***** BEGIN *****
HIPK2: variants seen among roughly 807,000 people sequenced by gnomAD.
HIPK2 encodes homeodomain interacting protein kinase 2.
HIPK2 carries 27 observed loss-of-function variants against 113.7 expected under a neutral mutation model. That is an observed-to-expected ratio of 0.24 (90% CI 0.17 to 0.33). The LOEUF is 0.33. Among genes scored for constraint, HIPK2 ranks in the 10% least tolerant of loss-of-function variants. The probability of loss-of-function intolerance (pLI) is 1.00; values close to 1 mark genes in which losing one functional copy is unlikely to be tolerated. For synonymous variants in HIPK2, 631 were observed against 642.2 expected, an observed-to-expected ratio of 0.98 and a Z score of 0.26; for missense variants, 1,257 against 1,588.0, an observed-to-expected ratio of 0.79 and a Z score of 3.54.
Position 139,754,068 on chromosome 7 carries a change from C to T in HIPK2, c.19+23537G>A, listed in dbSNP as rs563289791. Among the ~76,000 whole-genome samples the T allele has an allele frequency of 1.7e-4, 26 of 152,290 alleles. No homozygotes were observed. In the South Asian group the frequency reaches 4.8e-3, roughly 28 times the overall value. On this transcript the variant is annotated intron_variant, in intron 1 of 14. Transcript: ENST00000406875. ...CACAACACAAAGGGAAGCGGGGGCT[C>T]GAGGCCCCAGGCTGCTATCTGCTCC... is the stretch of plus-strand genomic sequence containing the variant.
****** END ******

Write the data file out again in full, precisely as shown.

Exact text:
HIPK2: variants seen among roughly 807,000 people sequenced by gnomAD.
HIPK2 encodes homeodomain interacting protein kinase 2.
HIPK2 carries 27 observed loss-of-function variants against 113.7 expected under a neutral mutation model. That is an observed-to-expected ratio of 0.24 (90% CI 0.17 to 0.33). The LOEUF is 0.33. Among genes scored for constraint, HIPK2 ranks in the 10% least tolerant of loss-of-function variants. The probability of loss-of-function intolerance (pLI) is 1.00; values close to 1 mark genes in which losing one functional copy is unlikely to be tolerated. For synonymous variants in HIPK2, 631 were observed against 642.2 expected, an observed-to-expected ratio of 0.98 and a Z score of 0.26; for missense variants, 1,257 against 1,588.0, an observed-to-expected ratio of 0.79 and a Z score of 3.54.
Position 139,754,068 on chromosome 7 carries a change from C to T in HIPK2, c.19+23537G>A, listed in dbSNP as rs563289791. Among the ~76,000 whole-genome samples the T allele has an allele frequency of 1.7e-4, 26 of 152,290 alleles. No homozygotes were observed. In the South Asian group the frequency reaches 4.8e-3, roughly 28 times the overall value. On this transcript the variant is annotated intron_variant, in intron 1 of 14. Transcript: ENST00000406875. ...CACAACACAAAGGGAAGCGGGGGCT[C>T]GAGGCCCCAGGCTGCTATCTGCTCC... is the stretch of plus-strand genomic sequence containing the variant.